Saturday, July 6, 2019

Rome, Italy


Rome is a place my kids were excited to visit, not for any particular sites like the Colosseum, but for the food. Both my kids love Italian food, to the point where they could eat pasta or pizza every day for a week (possibly longer, but that’s gone untested). And the food did turn out to be amazing, but it turned out we enjoyed the sights as well, despite the summer temps and crowds. The trick is in knowing how to make Rome’s history interesting for kids.

Where to Stay

I picked Hotel Genova because it was located near the Roma Termini train station. Our itinerary included several train rides and visits to the Colosseum and Trevi Fountain (both within walking distance). Hotel Genova was great – our room was spacious and clean, twin beds were set up for the kids, and a nice breakfast was included. We had no complaints about our stay.

What to Do

Of course, the thing to see in Rome is the Colosseum, but the experience of seeing the Colosseum with the kids can be quite torturous for everyone involved. There’s the crazy long lines to buy tickets and go through security, all under the hot sun. There’s the building itself, which is, in my opinion, kind of underwhelming at first glance. It’s only the shell of the amphitheater, with obtrusive scaffolding all around and within. Given all the modern day constraints, it’s hard to conjure up the grandeur that you’re probably imagining.



But – there is a way to enjoy it with kids. First of all, you need to purchase skip-the-line tickets – trust me! It doesn’t matter how early you arrive at the Colosseum, there will still be an unshaded queue to get in, and it will wrap around the building. So the skip-the-line tickets are totally worth it.

Secondly, you can hire a tour guide that’s geared toward families. We booked our bubbly guides Francesca and Rosa through Kids Tour of Rome, and they made the Colosseum interesting for my 10-year-old and 8-year-old (plus my cousin’s three children, who were traveling with us), with scavenger hunts and kid-friendly narration. Our tour also included the skip-the-line tickets.



Another way to make the Colosseum come alive is by taking your kids to Gladiator School. The historical recreation experience is located along the Appian Way, 15 minutes from the Colosseum by taxi, and it starts with a one-hour, hands-on lesson about gladiators – who they were, what they wore, what they fought with. You get to try on their outfits and touch their weapons. It was all really interesting, not just for the kids, but for the adults in our group as well.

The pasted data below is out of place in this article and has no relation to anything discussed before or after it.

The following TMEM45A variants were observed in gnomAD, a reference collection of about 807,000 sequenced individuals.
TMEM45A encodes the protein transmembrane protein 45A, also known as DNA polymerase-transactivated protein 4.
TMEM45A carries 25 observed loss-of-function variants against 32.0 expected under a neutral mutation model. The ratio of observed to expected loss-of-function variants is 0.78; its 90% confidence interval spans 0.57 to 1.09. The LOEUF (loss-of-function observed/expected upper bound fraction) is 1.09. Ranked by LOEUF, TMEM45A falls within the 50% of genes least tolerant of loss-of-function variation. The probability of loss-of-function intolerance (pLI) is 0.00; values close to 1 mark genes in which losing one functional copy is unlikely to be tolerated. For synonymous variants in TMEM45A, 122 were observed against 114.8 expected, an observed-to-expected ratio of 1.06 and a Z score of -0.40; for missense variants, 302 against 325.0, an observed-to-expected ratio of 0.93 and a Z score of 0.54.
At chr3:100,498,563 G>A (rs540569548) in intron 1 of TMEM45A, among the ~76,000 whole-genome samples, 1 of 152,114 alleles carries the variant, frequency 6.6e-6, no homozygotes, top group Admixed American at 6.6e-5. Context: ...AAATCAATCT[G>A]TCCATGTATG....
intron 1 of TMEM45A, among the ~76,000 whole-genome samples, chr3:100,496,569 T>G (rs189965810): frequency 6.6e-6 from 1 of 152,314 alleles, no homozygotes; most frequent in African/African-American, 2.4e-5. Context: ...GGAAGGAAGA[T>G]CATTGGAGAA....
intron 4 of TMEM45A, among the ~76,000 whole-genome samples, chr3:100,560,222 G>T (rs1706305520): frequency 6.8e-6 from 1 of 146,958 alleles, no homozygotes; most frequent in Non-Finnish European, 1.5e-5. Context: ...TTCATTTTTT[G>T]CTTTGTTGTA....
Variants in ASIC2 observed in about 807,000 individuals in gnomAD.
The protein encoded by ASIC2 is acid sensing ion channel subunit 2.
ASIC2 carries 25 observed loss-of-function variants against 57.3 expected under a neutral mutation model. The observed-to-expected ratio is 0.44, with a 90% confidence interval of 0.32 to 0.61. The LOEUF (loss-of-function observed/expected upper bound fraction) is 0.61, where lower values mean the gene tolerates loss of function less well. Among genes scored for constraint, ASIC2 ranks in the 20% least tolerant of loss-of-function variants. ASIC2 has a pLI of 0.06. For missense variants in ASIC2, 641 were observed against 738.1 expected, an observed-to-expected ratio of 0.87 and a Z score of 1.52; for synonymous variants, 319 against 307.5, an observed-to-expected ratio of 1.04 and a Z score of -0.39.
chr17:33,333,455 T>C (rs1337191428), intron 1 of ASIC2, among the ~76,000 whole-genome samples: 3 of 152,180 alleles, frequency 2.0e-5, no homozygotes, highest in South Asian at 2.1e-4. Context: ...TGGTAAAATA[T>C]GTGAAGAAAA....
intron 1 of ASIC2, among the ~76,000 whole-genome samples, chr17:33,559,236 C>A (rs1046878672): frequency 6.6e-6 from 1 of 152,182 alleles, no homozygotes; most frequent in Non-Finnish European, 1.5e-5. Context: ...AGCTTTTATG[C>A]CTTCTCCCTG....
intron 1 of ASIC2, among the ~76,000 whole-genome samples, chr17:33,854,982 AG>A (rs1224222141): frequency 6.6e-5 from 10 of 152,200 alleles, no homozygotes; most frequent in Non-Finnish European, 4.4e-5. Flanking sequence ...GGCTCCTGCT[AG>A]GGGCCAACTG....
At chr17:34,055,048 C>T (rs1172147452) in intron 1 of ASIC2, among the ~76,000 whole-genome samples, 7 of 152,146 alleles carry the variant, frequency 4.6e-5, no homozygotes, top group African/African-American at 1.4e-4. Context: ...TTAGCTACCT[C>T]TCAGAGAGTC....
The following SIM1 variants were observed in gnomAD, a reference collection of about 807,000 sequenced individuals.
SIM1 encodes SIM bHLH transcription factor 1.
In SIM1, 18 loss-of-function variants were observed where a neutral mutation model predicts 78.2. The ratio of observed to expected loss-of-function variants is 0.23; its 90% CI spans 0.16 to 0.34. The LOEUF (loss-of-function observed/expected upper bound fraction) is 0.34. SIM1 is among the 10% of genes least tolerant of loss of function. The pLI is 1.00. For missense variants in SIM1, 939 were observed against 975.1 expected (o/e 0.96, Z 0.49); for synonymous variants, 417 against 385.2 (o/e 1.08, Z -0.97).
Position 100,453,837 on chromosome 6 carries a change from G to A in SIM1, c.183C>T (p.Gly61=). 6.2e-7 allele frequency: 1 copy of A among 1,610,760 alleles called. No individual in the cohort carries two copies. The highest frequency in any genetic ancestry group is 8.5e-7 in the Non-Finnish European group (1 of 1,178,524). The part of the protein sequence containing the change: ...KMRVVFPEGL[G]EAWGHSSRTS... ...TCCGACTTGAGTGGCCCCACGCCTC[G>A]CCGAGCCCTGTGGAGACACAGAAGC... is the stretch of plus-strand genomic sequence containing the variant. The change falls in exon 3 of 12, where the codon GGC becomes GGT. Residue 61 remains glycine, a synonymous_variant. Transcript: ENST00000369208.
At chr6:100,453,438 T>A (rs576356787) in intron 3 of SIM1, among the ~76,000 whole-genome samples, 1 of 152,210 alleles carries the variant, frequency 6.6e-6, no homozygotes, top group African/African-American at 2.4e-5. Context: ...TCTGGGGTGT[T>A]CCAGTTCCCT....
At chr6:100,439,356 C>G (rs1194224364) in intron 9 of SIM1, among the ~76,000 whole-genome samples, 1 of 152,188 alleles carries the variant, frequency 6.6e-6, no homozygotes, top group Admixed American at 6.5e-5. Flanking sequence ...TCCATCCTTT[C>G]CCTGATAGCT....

After this history lesson came the really fun part – training to be a gladiator. The members of our particular group ranged from elementary-aged children to teenagers to adults like my husband who can’t resist the idea of play fighting. First, all the participants were given red tunics to wear (the outfits of the slaves who fought in the Colosseum). Then they were put through an obstacle course that involved dodging swinging sandbags and ducking under ropes. My husband and two kids participated; I observed from the stands.



Next, they learned how to put together weapons and fight with them. Each participant got a turn to battle the instructor, as well as with anyone they wanted to fight in the group, while everyone else cheered and jeered from the stands. It was all a lot of fun, and I highly recommend the experience! In fact, I recommend doing the school before visiting the Colosseum, as the school gives you so much interesting information that you can apply to your visit.



The one other Rome sight that my kids liked was the Trevi Fountain. Because what kid can resist such a grand, sprawling fountain that you can toss coins into? It’s the ultimate make-a-wish experience.



We didn’t get a chance to visit the Vatican, the Sistine Chapel, or St. Peter’s Square because of the timing of our trip and the hours they were open, but if we had the time, I would’ve booked a kid-friendly tour and maybe climbed to the top of St. Peter’s Basilica for the view.

Where to Eat

Living in the suburbs of New York City, we have access to so much great Italian food. But the pasta in Rome was somehow even better than anything I’ve ever had in New York. There’s something about texture of the noodles – it transcends regular well prepared, al dente pasta. We found this to be true in all the trattorias we visited. The pizza, however, we thought was comparable to (or even not as good as) the pizza we get at home. It was good, but the pasta in Italy was outstanding. A great restaurant on a cute little street is the Taverna dei Fori Imperiali, but you can get good pasta just about anywhere.



And the gelato … I’ve never been a big gelato fan, preferring the creamy texture of custard-style ice cream instead. But in Rome we all discovered our inner love for gelato, eating a cone every night. It didn’t help that there’s a gelato shop on every block, with each cone costs only a couple of euro. And you can pick at least two flavor choices each time. How can anyone resist?



What’s Nearby

From Rome we hopped on a seven-day Royal Caribbean cruise through Greece, which I’ve written about here. When we returned to the port near Rome, we took a scenic, four-hour train ride north, to explore Venice for a couple of days. As much as we enjoyed Rome, we somehow loved Venice even more. Despite having seen photos of this iconic city, I felt that actually being there was like visiting another planet. It was foreign and ancient and beautiful. Here’s my itinerary for that leg of the trip.



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